Trump administration weighs legal action over alleged Chinese hoarding of PPE

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Leading US manufacturers of medical safety gear told the White House that China prohibited them from exporting their products from the country as the coronavirus pandemic mounted — even as Beijing was trying to “corner the world market” in personal protective equipment, The Post has learned.

Now, the Trump administration is weighing legal action against China over its alleged actions, a lawyer for President Trump said Sunday.

“In criminal law, compare this to the levels that we have for murder,” said Jenna Ellis, a senior legal adviser to Trump’s re-election campaign.

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“People are dying. When you have intentional, cold-blooded premeditated action like you have with China, this would be considered first-degree murder.”

Ellis said the options under consideration include filing a complaint with the European Court of Human Rights or working “through the United Nations.”

FILE - In this March 24, 2020, file photo stacks of medical supplies are housed at the Jacob Javits Center that will become a temporary hospital in response to the COVID-19 outbreak in New York. \ (AP Photo/John Minchillo, File)

FILE - In this March 24, 2020, file photo stacks of medical supplies are housed at the Jacob Javits Center that will become a temporary hospital in response to the COVID-19 outbreak in New York. \ (AP Photo/John Minchillo, File)

Executives from 3M and Honeywell told US officials that the Chinese government in January began blocking exports of N95 respirators, booties, gloves and other supplies produced by their factories in China, according to a senior White House official.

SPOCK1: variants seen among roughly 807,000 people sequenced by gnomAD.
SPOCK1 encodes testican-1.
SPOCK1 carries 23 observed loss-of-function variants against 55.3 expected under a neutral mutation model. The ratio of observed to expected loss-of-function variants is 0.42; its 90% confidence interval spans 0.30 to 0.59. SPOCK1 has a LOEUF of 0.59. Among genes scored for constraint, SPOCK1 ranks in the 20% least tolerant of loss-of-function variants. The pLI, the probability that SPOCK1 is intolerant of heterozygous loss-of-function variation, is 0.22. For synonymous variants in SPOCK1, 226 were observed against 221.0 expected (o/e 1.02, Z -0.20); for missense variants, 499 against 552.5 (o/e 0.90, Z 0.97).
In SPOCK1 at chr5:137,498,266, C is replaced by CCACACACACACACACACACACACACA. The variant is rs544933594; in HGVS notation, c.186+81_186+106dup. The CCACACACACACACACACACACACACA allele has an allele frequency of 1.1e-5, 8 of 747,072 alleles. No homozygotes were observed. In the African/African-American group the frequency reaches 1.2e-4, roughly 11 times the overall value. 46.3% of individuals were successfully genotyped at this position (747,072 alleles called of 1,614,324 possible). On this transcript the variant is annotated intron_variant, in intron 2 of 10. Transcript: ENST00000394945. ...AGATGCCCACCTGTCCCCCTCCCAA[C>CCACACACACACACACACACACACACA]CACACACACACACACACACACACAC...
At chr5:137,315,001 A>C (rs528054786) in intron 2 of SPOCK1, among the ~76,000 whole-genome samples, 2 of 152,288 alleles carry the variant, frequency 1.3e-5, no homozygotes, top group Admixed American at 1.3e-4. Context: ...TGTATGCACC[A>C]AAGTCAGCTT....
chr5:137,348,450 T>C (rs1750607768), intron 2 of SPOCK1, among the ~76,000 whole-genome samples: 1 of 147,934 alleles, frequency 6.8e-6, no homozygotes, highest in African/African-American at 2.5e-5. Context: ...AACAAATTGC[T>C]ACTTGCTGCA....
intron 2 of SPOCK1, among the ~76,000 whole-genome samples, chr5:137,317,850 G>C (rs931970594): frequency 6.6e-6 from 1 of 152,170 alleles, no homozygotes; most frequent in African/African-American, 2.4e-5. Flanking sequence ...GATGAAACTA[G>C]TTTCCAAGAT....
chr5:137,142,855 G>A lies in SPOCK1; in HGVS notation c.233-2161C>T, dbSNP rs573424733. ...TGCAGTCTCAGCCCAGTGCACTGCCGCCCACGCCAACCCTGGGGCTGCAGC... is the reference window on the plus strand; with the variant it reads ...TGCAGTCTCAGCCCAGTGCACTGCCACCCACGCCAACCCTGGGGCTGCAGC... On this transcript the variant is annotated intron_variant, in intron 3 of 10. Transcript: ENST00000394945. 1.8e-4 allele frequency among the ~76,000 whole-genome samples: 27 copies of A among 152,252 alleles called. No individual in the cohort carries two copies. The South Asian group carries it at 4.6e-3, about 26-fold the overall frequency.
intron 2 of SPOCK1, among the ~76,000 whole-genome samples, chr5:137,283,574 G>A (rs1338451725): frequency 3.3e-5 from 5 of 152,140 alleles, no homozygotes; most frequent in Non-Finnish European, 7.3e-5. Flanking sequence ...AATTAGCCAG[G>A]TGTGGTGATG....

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China paid the manufacturers their standard wholesale rates, but prohibited the vital items from being sold to anyone else, the official said.

Around the same time that China cracked down on PPE exports, official data posted online shows that it imported 2.46 billion pieces of “epidemic prevention and control materials” between Jan. 24 and Feb. 29, the White House official said.

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The gear, valued at nearly $1.2 billion, included more than 2 billion masks and more than 25 million “protective clothing” items that came from countries in the European Union, as well as Australia, Brazil and Cambodia, the official said.

“Data from China’s own customs agency points to an attempt to corner the world market in PPE like gloves, goggles, and masks through massive increased purchases – even as China, the world’s largest PPE manufacturer, was restricting exports,” the official said.

Last week, Trump invoked the Defense Production Act to order St. Paul, Minnesota-based 3M to prioritize production of N95 respirators for the Federal Emergency Management Agency.

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